A family of single-ended fluorescent discharge light sources with small-diameter [16-millimeter (5/8-inch) or less] tubes.
A generic name used for a whole family of small, single-ended fluorescent lamps with a folded, bridged, or spiral glass tube design and with high color rendering (cri80) and a long life (8,000 hours).
A small fluorescent lamp that is often used as an alternative to incandescent GLS lamps. The lamp life is 4 to 10 times longer than incandescent lamps, and is some 3-5 times more efficient. Known generally as CFL lamps, and available in many versions. All require a ballast, which may be integral with the lamp or separate with a bayonet cap (BC) or Edison screw (ES) base.
The general term applied to fluorescent lamps that are single-ended and that have smaller diameter tubes that are bent to form a compact shape.
A fluorescent type bulb that has the ability to be utilized in an incandescent fixture, and still maintain the efficiency and qualities of a standard fluorescent bulb. These bulbs generally offer 75% savings in electricity while maintaining comparable light levels. Compact Fluorescent bulbs require a special adapter/ballast or may have one built in. Average life span is 10,000 hours.
Small fluorescent lamps used as more efficient alternatives to incandescent lighting. Also called PL, CFL, Twin-Tube, or BIAX lamps.
A small fluorescent lamp, usually with one or more bends in the tube.
A fluorescent lamp of a small compact shape, with a single base that provides the entire mechanical support function.
Compact fluorescent lamps (CFLs) use an advanced technology that uses much less energy than incandescent or standard fluorescent light bulbs. They come in a range of styles and sizes, and electric utilities often provide instant or mail-in rebates for CFL purchases.
The general term applied to families of smaller diameter fluorescent lamps, some of which have built-in ballasts and BC or ES caps for easy replacement of incandescent lamps. Use advanced 'electronic' technology to produce a highly efficient and compact light using a fraction of the electricity of ordinary incandescent bulbs. These bulbs use about one-fifth to a quarter of the electricity of standard bulbs and last up to ten times as long.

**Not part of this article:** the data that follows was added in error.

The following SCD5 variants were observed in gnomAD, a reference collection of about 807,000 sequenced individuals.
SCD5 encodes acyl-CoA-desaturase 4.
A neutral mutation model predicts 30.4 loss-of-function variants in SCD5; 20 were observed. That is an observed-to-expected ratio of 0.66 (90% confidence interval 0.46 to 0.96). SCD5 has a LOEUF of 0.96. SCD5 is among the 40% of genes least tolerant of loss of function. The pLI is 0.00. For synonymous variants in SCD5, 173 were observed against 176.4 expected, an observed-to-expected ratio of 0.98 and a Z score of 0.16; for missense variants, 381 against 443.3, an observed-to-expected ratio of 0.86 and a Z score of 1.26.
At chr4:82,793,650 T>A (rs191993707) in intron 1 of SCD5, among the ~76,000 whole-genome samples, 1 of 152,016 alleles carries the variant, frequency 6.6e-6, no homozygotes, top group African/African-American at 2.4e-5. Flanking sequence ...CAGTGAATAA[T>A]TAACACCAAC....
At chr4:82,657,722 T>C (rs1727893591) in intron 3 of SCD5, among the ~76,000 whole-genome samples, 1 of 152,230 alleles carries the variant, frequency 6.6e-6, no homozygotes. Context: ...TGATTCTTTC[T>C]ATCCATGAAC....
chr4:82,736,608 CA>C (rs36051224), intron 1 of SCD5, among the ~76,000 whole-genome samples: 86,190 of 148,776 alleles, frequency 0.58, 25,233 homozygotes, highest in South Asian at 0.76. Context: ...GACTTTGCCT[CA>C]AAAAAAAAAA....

An industry term for small diameter (T4-T5), single ended energy efficient fluorescent lamps. These lamps are used to replace inefficient incandescent lamps and consume approximately one-forth of the wattage of incandescent lamps with similar lumen output. CFL lamps are available in 2700K, 3000K, 3500K, 4100K and 5000K color temperatures and have high CRI ratings. The use of rare earth phosphors create a warm and inviting mood, with colors so rich and natural that you won't believe they're fluorescent. Ballasts regulate CFL lamps.
(abbrev. CFL) - A small fluorescent lamp designed to fit in light fixtures that use standard incandescent lamps.
The general term applied to families of smaller diameter fluorescent lamps, some of which have built in ballasts and medium screw bases for easy replacement of incandescent lamps.
Small-size fluorescent lamps. Brand names are "PL'(Philips), "Dulux"(Osram) and "Biax" (GE).
A device with small diameter fluorescent lamp(s), built-in ballast and a medium screw base for easy replacement of incandescent bulbs. Fluorescent tubes are usually 5/8" in diameter and may be spiral or U-shaped.
These are small long living fluorescent lights that can be used as an alternative to incandescent discount light bulbs. They can also be known as BIAX lamps. (See Fluorescent).